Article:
The Alchemist

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Journal Entry 9: The Alchemist


Melmoth’s chambers were in the main tower, three floors below the dorm cells of the acolytes. I never had reason to visit them before, but we all knew where they were.


It took me ten minutes to get there. I saw no-one on my way. When I got to the door, I knocked and heard a muffled response. I went in.


I found myself in a wide hall, different to Mistress Abraxia’s rooms by the notable absence of décor; stone walls and candle brackets rather than tapestries and glowing rock. There was writing on the stonework, running in a horizontal line at shoulder height; a symbol language of shapes and cut out triangles that seemed vaguely familiar.


Through an archway in a second room Melmoth crouched over a vast wooden desk, staring at a stained parchment. The rest of the surface held the various accoutrements of his work; books, potion bottles, demijohns and a large hourglass perched at one end. His head came up and he stared at me as I approached, an eyebrow raised in silent enquiry as to my presence. He looked tired and old, a contrast to his schooled appearance when I’d first arrived.


I kept walking until I was three feet from him then stopped and spoke my news.


“I found Meris, dead.”


There was silence between us. Eventually, Melmoth nodded, as if the information had taken time to register. “We should ask Master Ellis’ apprentices to retrieve the body and dispose of it.”


“You seem unsurprised?”


Melmoth shrugged. “I have been in this tower for decades and seen many acolytes leave through success and failure. You know the rules and the ways around them. Meris is dead, because she was shown favour by Lord Tallien and one of your kind could not accept that.”


I bit my lip to prevent myself blurting out what I knew, but didn’t move or look away. Melmoth returned his attention to his parchment.


“You may leave the matter with me acolyte, I will attend to the details.”


I resisted the instinct to walk away and waited. After a few more moments, Melmoth raised his head again.


“Was there something else?”


I nodded. “You aren’t training us.”


He frowned. “Pardon?”


“The time I have spent here, reading, listening, being told of the past and the way things are, they aren’t part of a scheme to make me a wizard.”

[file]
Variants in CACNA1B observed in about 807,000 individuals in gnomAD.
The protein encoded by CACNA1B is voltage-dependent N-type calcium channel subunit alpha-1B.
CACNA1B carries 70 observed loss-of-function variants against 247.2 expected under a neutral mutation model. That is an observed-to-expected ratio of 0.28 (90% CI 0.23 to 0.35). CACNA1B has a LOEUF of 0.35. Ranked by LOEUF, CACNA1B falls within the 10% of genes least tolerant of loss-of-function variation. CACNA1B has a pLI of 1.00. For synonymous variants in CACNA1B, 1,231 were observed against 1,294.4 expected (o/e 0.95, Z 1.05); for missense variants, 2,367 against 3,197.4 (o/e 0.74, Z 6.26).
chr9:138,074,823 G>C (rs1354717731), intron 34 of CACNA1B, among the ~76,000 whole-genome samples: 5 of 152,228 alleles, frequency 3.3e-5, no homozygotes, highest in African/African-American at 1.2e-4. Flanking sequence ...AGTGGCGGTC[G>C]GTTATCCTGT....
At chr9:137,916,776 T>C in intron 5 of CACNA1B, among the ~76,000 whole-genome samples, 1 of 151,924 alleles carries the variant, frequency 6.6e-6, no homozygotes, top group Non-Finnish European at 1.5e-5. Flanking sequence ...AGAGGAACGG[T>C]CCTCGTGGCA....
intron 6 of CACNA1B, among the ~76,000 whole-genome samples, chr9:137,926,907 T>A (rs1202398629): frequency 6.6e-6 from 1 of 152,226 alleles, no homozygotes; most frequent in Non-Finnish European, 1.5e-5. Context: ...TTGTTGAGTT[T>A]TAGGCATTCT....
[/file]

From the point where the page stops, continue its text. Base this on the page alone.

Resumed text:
Melmoth’s frown deepened. “How did you come to this conclusion?” he asked.


“If you were training us you would be focusing on the matters at hand,” I explained, “teaching us about the great door, giving us experiences beyond this tower in the fractured worlds, letting us cast magic outside the pull of the vortex. This isn’t a school it’s another prison, like the land below us.”


Melmoth leaned back in his chair, his eyes never leaving mine, nor seeming to blink. When he spoke it was with a soft voice, barely above a whisper. “In all the days of this world and the world before it, every kingdom, nation and society has been in constant threat from people like you; people with the gift; people who learned just how superior they were to those without it.” He waved a hand and his voice strengthened. “We half breeds empower you, but we also remind you of what you should be. Our task is to limit you, to make you think of the cost to those who cannot do what you do.”


“The first alchemists offered wizards understanding of what they are. The next offered ways to refine magic through use of devices and study. We worked with those who understood their responsibility to the rest of humanity, but we were betrayed, and... well... you know what happened.”


“The schism.”


“Yes, the schism and the end of days.” Melmoth sat forward. “Your kind caused it and now they roam free amidst the stars while anyone else that survived is left here in the ruin of the world—” he checked himself, “well... most of those who survived... some are allowed to leave to serve their new gods and others... found a different path...”


I stepped forwards, put my hand on the desk so my face was inches from his. “What you say makes no sense. If you are keeping us here because of some ancient crime you would be ruling this tower and the elders would be your prisoners as well.”


Melmoth smiled in response. “In this place we have an... accommodation. You learned that when you spoke with Ellis. Wizards need us. The elders are only here to judge your worth. When the time is right, one of you is nominated to leave; one way or the other.” He picked up the piece of parchment and held it between us. “Congratulations. You have been selected for the test of the door.”


I flinched and stepped back. “The door? But I know nothing—”


“As you said, we are not here to teach you. Perhaps you will succeed and next time we meet, you will be here for a harrowing.” Melmoth reached across his desk for the hourglass, picked it up and turned it on its head. “When the sand runs out, your time with us is over. I suggest you ready yourself.” I heard heavy footsteps and a hand grasped my shoulder. “Cross, escort the acolyte to his quarters. He has much to prepare for his imminent test. See that he is given everything he needs.”


“Yes, Melmoth,” said the man behind me. I turned to face the speaker. It was the artificer’s apprentice who I’d seen before. Silently, I let him guide me from the room.

 

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by Allen Stroud´╗┐